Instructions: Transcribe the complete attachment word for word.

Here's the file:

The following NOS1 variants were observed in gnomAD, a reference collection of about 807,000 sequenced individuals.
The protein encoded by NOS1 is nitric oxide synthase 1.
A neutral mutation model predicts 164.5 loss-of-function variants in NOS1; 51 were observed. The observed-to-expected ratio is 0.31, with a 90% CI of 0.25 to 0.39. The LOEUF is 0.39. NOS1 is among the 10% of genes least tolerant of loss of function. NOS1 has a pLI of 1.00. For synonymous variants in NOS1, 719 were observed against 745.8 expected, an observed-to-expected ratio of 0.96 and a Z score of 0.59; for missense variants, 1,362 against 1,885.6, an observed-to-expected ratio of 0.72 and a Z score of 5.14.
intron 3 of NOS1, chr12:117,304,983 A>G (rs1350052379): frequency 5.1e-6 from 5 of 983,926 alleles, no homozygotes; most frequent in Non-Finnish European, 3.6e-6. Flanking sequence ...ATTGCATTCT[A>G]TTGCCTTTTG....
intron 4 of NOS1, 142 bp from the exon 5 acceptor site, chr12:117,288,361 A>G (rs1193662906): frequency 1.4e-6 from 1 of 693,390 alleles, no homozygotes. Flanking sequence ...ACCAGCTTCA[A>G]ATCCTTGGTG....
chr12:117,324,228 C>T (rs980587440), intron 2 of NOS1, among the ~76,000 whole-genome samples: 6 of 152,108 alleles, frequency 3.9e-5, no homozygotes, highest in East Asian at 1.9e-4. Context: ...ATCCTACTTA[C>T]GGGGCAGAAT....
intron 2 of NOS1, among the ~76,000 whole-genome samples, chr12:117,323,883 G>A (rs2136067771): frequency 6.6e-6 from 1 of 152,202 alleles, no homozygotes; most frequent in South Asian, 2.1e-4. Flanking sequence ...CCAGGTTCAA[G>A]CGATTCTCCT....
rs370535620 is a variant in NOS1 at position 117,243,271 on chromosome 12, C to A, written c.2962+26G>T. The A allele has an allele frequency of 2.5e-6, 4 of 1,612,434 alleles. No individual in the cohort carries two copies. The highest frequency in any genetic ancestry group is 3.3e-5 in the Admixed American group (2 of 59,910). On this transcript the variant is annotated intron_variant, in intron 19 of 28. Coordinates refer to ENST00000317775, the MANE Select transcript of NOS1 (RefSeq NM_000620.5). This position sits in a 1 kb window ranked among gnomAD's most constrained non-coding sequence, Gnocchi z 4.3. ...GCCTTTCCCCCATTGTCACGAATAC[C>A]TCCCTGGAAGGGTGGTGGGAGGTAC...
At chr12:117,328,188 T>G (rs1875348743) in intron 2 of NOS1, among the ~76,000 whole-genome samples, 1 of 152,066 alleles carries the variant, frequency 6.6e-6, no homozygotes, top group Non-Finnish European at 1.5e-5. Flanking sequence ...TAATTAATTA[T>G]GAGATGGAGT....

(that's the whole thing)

The following NOS1 variants were observed in gnomAD, a reference collection of about 807,000 sequenced individuals.
The protein encoded by NOS1 is nitric oxide synthase 1.
A neutral mutation model predicts 164.5 loss-of-function variants in NOS1; 51 were observed. The observed-to-expected ratio is 0.31, with a 90% CI of 0.25 to 0.39. The LOEUF is 0.39. NOS1 is among the 10% of genes least tolerant of loss of function. NOS1 has a pLI of 1.00. For synonymous variants in NOS1, 719 were observed against 745.8 expected, an observed-to-expected ratio of 0.96 and a Z score of 0.59; for missense variants, 1,362 against 1,885.6, an observed-to-expected ratio of 0.72 and a Z score of 5.14.
intron 3 of NOS1, chr12:117,304,983 A>G (rs1350052379): frequency 5.1e-6 from 5 of 983,926 alleles, no homozygotes; most frequent in Non-Finnish European, 3.6e-6. Flanking sequence ...ATTGCATTCT[A>G]TTGCCTTTTG....
intron 4 of NOS1, 142 bp from the exon 5 acceptor site, chr12:117,288,361 A>G (rs1193662906): frequency 1.4e-6 from 1 of 693,390 alleles, no homozygotes. Flanking sequence ...ACCAGCTTCA[A>G]ATCCTTGGTG....
chr12:117,324,228 C>T (rs980587440), intron 2 of NOS1, among the ~76,000 whole-genome samples: 6 of 152,108 alleles, frequency 3.9e-5, no homozygotes, highest in East Asian at 1.9e-4. Context: ...ATCCTACTTA[C>T]GGGGCAGAAT....
intron 2 of NOS1, among the ~76,000 whole-genome samples, chr12:117,323,883 G>A (rs2136067771): frequency 6.6e-6 from 1 of 152,202 alleles, no homozygotes; most frequent in South Asian, 2.1e-4. Flanking sequence ...CCAGGTTCAA[G>A]CGATTCTCCT....
rs370535620 is a variant in NOS1 at position 117,243,271 on chromosome 12, C to A, written c.2962+26G>T. The A allele has an allele frequency of 2.5e-6, 4 of 1,612,434 alleles. No individual in the cohort carries two copies. The highest frequency in any genetic ancestry group is 3.3e-5 in the Admixed American group (2 of 59,910). On this transcript the variant is annotated intron_variant, in intron 19 of 28. Coordinates refer to ENST00000317775, the MANE Select transcript of NOS1 (RefSeq NM_000620.5). This position sits in a 1 kb window ranked among gnomAD's most constrained non-coding sequence, Gnocchi z 4.3. ...GCCTTTCCCCCATTGTCACGAATAC[C>A]TCCCTGGAAGGGTGGTGGGAGGTAC...
At chr12:117,328,188 T>G (rs1875348743) in intron 2 of NOS1, among the ~76,000 whole-genome samples, 1 of 152,066 alleles carries the variant, frequency 6.6e-6, no homozygotes, top group Non-Finnish European at 1.5e-5. Flanking sequence ...TAATTAATTA[T>G]GAGATGGAGT....